Have you ever had a conversation with someone where they just knew everything relevant about a subject? What ever question you through at them, they instantly came up with a factual, accurate, no fluff answer that left you impressed?
That type of focused and detailed knowledge can also be the making of a great first impression if used properly.
Too often when business owners or managers apply for business financing, they are not completely up to date on the details and specifics of their own business. Yes, they can answer questions at a strategic level, but when lenders or investors start to drill down into the specifics, they don’t have much to offer or have to overly rely on reports and notes or even their employees to answer the questions posed.
Outside of the underlying business opportunity, there is nothing that impresses a lender or investor more than a business person who they can grill in all directions but can still consistently come up with a solid and specific answer.
Because this type of demonstration of knowledge is hard to fake with some last minute cramming. It tends to speak to someone who is on top of the key metrics of their business, pays close and regular attention to the things that matter, and has thought about things enough to have a strong opinion if required to provide it.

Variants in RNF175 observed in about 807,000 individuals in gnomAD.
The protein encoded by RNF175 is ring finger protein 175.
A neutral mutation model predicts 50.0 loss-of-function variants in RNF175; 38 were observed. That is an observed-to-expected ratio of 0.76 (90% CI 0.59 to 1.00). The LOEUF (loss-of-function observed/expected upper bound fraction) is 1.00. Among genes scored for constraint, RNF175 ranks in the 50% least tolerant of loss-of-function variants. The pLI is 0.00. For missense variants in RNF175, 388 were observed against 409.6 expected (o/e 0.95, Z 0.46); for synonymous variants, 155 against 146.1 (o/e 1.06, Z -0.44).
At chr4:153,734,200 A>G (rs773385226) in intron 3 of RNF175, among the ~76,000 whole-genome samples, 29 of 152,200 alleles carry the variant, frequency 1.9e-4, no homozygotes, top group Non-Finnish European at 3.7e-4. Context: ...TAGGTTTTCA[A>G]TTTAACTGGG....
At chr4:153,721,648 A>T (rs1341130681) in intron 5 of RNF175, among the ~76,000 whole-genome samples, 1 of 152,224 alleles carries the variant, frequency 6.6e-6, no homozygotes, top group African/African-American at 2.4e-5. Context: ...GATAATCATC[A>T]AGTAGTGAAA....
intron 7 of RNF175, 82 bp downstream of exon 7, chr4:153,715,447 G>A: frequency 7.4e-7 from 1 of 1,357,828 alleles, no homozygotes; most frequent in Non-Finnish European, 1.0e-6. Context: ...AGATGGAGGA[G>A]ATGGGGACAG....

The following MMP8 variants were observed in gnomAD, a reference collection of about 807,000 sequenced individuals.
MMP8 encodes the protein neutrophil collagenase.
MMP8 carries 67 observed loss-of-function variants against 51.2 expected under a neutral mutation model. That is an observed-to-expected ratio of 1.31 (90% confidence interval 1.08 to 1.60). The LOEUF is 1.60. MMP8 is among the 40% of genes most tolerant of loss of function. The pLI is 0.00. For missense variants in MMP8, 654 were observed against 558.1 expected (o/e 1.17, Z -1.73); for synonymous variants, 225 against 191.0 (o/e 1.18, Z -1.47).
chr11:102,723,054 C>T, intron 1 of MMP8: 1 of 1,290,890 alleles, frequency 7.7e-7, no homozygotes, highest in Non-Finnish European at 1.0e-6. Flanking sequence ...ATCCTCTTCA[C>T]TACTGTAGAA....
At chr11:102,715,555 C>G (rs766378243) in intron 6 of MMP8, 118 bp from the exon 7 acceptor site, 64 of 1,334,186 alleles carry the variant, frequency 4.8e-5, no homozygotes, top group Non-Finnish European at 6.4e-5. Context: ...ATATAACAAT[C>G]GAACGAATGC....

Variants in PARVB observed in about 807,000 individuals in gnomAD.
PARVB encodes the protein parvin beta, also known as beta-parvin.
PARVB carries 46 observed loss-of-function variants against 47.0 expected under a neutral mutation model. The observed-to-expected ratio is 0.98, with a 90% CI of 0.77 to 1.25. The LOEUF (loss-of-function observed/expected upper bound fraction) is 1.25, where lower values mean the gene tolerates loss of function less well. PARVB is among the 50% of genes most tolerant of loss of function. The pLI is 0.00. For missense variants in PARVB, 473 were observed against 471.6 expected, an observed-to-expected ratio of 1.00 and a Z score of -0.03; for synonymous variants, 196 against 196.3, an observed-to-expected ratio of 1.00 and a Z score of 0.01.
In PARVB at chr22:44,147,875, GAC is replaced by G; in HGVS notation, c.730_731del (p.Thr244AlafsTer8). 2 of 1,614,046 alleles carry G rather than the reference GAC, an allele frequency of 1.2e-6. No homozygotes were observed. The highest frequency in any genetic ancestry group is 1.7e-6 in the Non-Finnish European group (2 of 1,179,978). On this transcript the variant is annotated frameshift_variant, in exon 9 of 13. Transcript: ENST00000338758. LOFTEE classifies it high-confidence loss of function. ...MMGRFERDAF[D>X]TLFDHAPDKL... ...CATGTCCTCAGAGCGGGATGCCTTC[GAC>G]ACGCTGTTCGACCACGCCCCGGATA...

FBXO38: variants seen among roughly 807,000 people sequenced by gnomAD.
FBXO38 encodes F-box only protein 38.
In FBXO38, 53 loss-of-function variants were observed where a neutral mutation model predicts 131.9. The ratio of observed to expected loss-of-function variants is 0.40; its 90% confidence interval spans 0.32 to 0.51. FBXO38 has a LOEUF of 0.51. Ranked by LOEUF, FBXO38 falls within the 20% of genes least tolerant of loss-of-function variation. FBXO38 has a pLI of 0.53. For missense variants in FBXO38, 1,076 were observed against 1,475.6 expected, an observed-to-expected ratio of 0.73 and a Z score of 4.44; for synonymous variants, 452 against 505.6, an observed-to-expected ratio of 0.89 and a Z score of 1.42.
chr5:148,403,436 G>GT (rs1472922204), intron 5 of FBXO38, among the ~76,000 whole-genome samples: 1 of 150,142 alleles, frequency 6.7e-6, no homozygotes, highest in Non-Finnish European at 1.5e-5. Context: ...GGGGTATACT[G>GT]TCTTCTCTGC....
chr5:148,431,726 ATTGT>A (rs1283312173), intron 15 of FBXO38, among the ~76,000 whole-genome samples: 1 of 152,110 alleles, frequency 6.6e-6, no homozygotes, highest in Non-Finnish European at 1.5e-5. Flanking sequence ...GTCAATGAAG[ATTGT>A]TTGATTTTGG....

The key though is in the delivery. Being a “know it all” can totally destroy the potential good Karma created. No, the better approach is to let them come to you. Let them ask the questions and expand further on your answers. All you have to do is provide the answers and let the interview flow.
I mean, if you had some extra capital and wanted to lend it out or invest, who would you be more willing to trust with your money… a business person with general knowledge or someone who gives you all kinds of warm fuzzies when they blow you away with their depth of knowledge and attention to detail when describing something to you.
It’s not a hard answer for me.
Too often potential business financing opportunities go up in smoke when the business owner or manager either lays an egg or basically does not impress when they get their opportunity to close or advance the deal.